Sheath are mainly used to carry the knives to the throwing area. Once there, you will hold them in your hands. Thus, the sheath delivered with the knife will be sufficient in most cases. It should ensure that the knife will not fall out (sewn tight, snap-fastener or loop). A leg string comes handy as it prevents your tool from banging against your thigh when walking. If you attach a few string loops to a sheath, you can wear it nearly everywhere.
Of course you can make or buy special sheaths, for example to wear them on the back like a cowboy and draw from behind your neck. Instructions for such a harness can be found at thrower. I have not been able to find the right size of tubular webbing used there, but made a similar construction out of leather and rubber bands (to retain the knife). The result was not really satisfying, it takes long to put the knife back into the sheath.
Keep it clean! It is sufficient to scrub the throwing knife with a wet washcloth (or old lump) to get rid of dirt stains. Then rinse it with water, and dry it. It must be really totally dry! Then store it somewhere safe and dry. If you do this routine after every training session/day, even non stainless knives will not rust.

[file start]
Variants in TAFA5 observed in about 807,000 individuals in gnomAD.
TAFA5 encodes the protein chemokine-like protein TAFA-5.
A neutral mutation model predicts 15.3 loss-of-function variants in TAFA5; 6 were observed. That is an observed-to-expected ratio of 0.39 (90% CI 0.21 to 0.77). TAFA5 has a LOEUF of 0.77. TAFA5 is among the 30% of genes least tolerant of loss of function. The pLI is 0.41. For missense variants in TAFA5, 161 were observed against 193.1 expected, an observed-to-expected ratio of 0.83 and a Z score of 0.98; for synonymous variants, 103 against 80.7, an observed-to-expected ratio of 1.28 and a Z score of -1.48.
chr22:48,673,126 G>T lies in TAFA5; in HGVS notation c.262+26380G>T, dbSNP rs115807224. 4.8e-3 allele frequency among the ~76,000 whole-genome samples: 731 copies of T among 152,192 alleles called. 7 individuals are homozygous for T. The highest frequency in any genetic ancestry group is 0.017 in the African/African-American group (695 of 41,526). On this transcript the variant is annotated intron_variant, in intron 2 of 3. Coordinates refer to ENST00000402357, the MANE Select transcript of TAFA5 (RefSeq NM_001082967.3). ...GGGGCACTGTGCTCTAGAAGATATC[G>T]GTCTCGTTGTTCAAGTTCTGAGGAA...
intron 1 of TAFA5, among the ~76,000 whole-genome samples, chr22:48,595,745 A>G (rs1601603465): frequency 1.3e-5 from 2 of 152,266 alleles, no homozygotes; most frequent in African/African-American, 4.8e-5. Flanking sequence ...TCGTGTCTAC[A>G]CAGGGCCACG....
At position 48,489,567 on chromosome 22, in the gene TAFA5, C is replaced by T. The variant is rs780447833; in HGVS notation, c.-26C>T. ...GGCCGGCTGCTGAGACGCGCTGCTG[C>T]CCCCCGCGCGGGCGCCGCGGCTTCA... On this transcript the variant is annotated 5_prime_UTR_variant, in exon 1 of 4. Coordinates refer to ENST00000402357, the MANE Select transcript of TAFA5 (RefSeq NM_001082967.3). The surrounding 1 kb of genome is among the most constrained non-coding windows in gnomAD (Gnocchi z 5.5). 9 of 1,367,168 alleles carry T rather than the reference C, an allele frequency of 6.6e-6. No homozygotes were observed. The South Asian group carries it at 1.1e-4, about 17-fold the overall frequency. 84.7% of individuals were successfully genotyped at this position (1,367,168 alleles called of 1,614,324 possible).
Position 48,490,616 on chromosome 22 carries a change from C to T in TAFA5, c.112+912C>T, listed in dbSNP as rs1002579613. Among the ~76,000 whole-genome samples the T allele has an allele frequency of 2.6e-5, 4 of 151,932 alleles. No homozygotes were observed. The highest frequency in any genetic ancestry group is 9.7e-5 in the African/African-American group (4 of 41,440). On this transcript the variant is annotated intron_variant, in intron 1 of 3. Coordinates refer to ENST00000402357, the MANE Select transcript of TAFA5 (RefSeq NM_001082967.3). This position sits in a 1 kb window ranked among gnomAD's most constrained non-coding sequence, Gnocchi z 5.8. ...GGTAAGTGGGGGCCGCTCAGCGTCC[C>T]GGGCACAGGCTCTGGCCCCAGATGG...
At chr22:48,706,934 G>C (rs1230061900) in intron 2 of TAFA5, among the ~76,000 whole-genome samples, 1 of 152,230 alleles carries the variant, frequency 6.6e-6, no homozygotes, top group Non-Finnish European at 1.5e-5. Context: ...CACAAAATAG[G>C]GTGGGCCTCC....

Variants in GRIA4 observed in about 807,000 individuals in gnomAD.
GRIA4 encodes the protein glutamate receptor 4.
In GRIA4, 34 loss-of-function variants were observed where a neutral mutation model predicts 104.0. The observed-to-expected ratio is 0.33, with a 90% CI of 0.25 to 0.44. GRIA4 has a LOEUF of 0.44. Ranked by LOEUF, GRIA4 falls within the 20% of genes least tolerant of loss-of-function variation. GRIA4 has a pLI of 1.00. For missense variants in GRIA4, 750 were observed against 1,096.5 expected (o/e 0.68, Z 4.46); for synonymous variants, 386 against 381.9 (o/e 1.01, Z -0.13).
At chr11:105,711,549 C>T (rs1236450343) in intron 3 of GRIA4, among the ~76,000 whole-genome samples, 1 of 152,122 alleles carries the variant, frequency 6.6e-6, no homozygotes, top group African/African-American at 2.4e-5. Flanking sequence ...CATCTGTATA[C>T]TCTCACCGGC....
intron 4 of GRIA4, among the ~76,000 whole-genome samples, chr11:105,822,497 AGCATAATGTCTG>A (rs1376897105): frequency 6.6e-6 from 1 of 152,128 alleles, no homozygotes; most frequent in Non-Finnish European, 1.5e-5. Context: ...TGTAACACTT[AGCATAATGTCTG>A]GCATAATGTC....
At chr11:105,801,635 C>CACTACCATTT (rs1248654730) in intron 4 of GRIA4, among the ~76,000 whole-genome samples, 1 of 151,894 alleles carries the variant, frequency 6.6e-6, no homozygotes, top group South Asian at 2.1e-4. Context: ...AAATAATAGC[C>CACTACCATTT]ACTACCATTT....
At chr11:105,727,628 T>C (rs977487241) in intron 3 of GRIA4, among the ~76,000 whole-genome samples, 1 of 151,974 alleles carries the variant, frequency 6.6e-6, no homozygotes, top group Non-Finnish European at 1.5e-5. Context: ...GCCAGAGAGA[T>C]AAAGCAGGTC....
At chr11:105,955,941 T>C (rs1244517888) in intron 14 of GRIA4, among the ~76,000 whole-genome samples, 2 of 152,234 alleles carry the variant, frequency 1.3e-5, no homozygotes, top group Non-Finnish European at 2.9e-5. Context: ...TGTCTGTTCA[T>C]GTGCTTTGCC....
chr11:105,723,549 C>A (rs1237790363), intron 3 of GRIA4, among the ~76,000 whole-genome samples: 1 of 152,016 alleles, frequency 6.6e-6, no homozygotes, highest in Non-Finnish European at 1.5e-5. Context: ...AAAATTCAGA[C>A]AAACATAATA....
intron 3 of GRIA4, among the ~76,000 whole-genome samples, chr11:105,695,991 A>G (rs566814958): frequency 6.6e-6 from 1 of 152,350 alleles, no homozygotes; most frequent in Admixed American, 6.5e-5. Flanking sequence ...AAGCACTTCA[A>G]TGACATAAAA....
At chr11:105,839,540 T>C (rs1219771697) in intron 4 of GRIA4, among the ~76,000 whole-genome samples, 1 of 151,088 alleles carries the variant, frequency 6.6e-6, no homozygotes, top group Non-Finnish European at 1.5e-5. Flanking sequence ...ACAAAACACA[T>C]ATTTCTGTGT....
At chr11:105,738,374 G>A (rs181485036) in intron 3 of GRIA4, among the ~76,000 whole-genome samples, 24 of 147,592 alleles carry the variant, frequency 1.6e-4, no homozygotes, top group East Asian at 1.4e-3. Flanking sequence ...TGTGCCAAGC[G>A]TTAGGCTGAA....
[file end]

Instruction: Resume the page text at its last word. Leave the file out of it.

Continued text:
If you really want to pamper your knife, coat it with Ballistol, a versatile protective oil. (Where I live, it is available in every weapons store.) Rub it off the next day, or the knives will be slippery. You might also try one of those high tec fluids.
Collisions with other throwing knives or rocks on the ground will lead to dents. Be sure to fix those before you throw again, or you risk cutting your skin while releasing the knife. Luckily, it's easy to repain dents - even at the tip, since you do not need a real sharp point. Start by securing your throwing knife in a vise. Then employ a metal file, or fix a flapwheel to your power drill or angle grinder. If the knife is bent from throwing, simply place it across two bricks and stand on it till it is straight again.